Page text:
Didn't make him less dead, but he impressed me.

Haridon impressed me too, briefly. I only met him the once, years ago, in passing. Not so much as a flicker in his eyes that day to show I even registered. But when he saw me coming, he knew me name and all instantly. It's not what you expect from someone like him. On the street they call him Hard-on, though not to his face. He wouldn't have laughed. Ask the girls up on Fremont, it wasn't much of a joke anyway. For them he was the price of doing business. Till tonight, not that I pretend it matters. It's like paperboys, lose one and another's right there to pick up the slack.

Copyright me now, of course, all rights reserved. Funny thing is I had no idea what it was for when I started it, and now, a few days later, I know. A work in progress. Stay tuned.

Congratulations to Scott Eaton, the first of many who correctly identified last week's Comics Cover Challenge theme. You know him, you hate him, comics' greatest supervillain ever: Hitler! Man, if you go by comics, the old paperhanger's practically a cottage industry in himself. (Hmmm... I just realized, by Internet standards does invoking Hitler mean the Comics Cover Challenge has completely run out of steam?) Anyway, Scott wants to big a corporate shill for his bosses, the great Minneapolis bookstore chain Shindler's, which is one of the few things I remember fondly from my days in the Midwest. But here's the thing: if you click on that link (the name Shindler's in the previous sentence) you'll be taken to Shindler's contest page. Until August 31st, the prize is a set of books by cartoonist Jim Woodring. When September comes? Find out then; there's a new contest every month.

Scattered throughout the column are the covers for this week's Comics Cover Challenge. Seven comics, one secret theme connecting them. Be the first one to tell me what it is in an email, and you can promote any website of your choice here. (We reserve right of approval, but that hasn't been an issue so far.) Normally I plant a clue somewhere in the column, and I'd do that this week, but off the top of my head I can't think of one. Good luck.

By the way, Chris Ryall over at IDW dropped me a reminder that the new CSI miniseries, DYING IN THE GUTTERS (featuring guest appearances by a whole slew of popular comics pros, plus the shocking demise of a CBR columnist), will be in stores today. A five issue mini-series. Go get it.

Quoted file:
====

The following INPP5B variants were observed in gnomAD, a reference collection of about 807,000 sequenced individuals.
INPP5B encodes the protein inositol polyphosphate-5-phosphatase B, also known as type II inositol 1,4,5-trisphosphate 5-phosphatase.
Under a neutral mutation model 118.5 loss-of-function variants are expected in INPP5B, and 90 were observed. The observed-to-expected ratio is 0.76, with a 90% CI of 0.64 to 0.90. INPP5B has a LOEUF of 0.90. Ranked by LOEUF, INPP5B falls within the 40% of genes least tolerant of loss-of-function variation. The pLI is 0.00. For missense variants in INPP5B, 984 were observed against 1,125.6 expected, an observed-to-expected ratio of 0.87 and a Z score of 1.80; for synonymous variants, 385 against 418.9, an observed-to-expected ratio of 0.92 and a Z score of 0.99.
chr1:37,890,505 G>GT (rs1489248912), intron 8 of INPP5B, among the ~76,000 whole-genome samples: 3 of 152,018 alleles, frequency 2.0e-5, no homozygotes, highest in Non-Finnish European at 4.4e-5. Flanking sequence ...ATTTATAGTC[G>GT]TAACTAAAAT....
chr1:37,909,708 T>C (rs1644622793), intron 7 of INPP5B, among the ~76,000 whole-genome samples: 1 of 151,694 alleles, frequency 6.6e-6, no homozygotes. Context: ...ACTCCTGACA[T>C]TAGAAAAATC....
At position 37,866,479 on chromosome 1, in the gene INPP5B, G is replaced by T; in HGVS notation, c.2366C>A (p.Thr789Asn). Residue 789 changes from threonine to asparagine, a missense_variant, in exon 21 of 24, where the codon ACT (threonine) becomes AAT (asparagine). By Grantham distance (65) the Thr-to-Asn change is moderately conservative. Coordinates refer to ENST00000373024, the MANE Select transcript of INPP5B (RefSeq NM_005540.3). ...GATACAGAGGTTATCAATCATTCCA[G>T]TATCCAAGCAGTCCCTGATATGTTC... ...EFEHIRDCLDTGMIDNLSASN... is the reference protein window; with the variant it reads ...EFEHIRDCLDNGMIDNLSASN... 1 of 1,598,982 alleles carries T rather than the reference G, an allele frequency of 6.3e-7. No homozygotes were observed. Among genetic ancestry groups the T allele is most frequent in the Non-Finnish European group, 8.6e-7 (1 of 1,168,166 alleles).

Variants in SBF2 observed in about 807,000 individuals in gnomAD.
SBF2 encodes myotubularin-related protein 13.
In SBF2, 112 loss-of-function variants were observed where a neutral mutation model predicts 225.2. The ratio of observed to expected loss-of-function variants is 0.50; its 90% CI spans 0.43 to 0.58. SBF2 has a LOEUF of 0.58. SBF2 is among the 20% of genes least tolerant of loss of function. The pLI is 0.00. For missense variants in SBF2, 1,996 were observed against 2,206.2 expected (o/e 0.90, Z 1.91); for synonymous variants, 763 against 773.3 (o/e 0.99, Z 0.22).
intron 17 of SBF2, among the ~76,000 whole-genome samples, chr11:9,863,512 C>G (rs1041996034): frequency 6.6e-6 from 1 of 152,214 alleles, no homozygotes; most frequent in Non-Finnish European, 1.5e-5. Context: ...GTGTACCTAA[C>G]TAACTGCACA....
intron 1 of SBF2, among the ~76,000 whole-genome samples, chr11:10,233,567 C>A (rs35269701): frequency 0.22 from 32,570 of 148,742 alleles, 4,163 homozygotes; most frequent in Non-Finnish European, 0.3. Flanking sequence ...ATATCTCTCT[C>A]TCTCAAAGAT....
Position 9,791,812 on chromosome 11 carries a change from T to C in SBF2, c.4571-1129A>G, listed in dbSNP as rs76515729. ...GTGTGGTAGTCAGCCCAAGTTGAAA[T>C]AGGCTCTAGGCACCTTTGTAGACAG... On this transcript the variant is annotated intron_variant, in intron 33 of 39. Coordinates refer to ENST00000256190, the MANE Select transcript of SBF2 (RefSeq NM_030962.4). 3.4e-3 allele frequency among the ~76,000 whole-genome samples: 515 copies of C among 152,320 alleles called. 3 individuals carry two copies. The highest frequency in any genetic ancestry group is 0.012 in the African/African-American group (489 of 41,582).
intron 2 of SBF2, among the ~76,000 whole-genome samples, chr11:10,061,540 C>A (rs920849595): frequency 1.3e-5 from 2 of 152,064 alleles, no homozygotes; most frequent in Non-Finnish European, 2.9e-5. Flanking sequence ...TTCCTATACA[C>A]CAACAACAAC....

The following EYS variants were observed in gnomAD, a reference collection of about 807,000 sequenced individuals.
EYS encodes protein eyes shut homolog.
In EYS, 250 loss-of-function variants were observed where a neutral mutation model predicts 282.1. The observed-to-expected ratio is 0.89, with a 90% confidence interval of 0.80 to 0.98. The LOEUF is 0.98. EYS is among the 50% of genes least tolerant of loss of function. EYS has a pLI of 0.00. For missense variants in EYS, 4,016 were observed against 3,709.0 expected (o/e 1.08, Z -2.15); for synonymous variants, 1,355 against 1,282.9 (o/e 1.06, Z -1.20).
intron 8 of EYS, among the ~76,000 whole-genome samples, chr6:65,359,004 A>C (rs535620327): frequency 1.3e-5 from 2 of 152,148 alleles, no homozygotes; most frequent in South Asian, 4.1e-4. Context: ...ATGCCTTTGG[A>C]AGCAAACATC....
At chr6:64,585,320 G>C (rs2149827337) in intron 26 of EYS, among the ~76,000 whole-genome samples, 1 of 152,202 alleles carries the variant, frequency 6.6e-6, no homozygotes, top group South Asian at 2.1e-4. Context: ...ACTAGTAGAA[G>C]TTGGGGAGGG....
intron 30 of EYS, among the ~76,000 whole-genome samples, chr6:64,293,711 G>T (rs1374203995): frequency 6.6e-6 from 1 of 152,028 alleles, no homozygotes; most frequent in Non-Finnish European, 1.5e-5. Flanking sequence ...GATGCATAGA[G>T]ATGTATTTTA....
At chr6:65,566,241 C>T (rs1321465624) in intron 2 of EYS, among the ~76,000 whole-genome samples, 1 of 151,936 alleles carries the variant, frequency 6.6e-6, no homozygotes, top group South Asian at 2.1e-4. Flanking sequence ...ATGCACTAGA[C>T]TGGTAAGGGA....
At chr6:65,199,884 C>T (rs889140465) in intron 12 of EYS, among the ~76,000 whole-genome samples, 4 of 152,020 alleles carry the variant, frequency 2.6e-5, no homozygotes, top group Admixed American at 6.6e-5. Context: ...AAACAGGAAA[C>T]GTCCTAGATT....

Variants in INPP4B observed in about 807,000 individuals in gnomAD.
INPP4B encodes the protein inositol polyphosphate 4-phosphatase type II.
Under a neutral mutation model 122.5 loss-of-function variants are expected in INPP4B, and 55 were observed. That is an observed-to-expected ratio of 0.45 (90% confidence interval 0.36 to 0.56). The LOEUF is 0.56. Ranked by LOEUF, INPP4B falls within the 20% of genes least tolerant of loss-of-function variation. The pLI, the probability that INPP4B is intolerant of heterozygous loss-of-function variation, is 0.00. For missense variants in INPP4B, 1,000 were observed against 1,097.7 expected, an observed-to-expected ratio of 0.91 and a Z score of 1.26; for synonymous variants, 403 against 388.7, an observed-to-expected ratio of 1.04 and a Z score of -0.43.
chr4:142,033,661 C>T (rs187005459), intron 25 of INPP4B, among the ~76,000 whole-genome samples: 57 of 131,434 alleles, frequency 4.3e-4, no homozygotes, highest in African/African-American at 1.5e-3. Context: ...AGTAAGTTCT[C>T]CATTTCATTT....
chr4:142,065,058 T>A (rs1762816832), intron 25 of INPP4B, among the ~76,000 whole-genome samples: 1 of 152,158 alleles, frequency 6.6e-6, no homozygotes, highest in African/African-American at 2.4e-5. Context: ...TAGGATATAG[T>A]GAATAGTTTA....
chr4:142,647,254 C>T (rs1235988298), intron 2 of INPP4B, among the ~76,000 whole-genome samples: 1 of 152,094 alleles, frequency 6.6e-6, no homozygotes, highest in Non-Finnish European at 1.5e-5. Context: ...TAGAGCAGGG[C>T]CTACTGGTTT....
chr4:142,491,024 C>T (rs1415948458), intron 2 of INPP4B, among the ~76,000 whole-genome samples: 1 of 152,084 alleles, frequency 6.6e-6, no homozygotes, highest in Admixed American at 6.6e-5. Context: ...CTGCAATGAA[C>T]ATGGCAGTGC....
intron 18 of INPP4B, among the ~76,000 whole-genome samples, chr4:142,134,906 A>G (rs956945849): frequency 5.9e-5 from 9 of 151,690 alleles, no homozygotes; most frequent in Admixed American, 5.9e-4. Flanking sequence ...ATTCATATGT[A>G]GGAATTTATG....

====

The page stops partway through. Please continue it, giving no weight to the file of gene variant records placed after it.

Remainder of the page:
Available in pdf e-book form at Paper Movies and The Paper Movies Store:

TOTALLY OBVIOUS. Collecting all my "Master Of The Obvious" columns from 1998-2000, with still relevant commentary on comics, culture, creativity and the freelance life, revealing many previously unvoiced secrets behind all those things.

IMPOLITIC: A JOURNAL OF THE PLAGUE YEARS VOL 1. Collecting my political commentary of the early terror years, from Sept. 2001 through April 2005, revealing the terror behind the War On Terror.

HEAD CASES. A collection of comics scripts from work done c. 1992-1995 for various companies, including an unused script. Annotated.

The store now also has a selection of graphic novels and other material available. Take a look.

Those wishing to comment should leave messages on the Permanent Damage Message Board. You can also e-mail me but the chances of a reply are next to nil these days, given my workload, though I do read all my e-mail as long as it's not trying to sell me something. IMPORTANT: Because a lot of people apparently list it in their e-address books, this account has gotten a slew of virus-laden messages lately. They're no real threat but dealing with them eats up time I don't really have, to the extent I can no longer accept unsolicited e-mail with attachments. If you want to send something via attachment (say, art samples) ask me first. If I say okay, then send. Unsolicited e-mail with attachments will be wiped from the server without being read.

IMPORTANT PUBLIC NOTICE OF COLUMN POLICY: any email received in response to a piece run in this column is considered a letter of comment available for printing in the column unless the author specifically indicates it is not intended for public consumption. Unless I check with you or the contents of your e-mail make your identity unavoidably obvious, all letters are run anonymously.

Please don't ask me how to break into the business, or who to submit work to. The answers to those questions are too mercurial for even me to keep up with.

The WHISPER NEWSLETTER is now up and running via the Yahoo groups. If you want to subscribe, click here.

I'm reviewing comics sent to me - I may not like them but certainly I'll mention them - at Steven Grant c/o Permanent Damage, 2657 Windmill Pkwy #194, Henderson NV 89074, so send 'em if you want 'em mentioned, since I can't review them unless I see them. Some people have been sending press releases and cover proofs and things like that, which I enjoy getting, but I really can't do anything with them, sorry. Full comics only, though they can be photocopies rather than the published version. Make sure you include contact information for readers who want to order your book.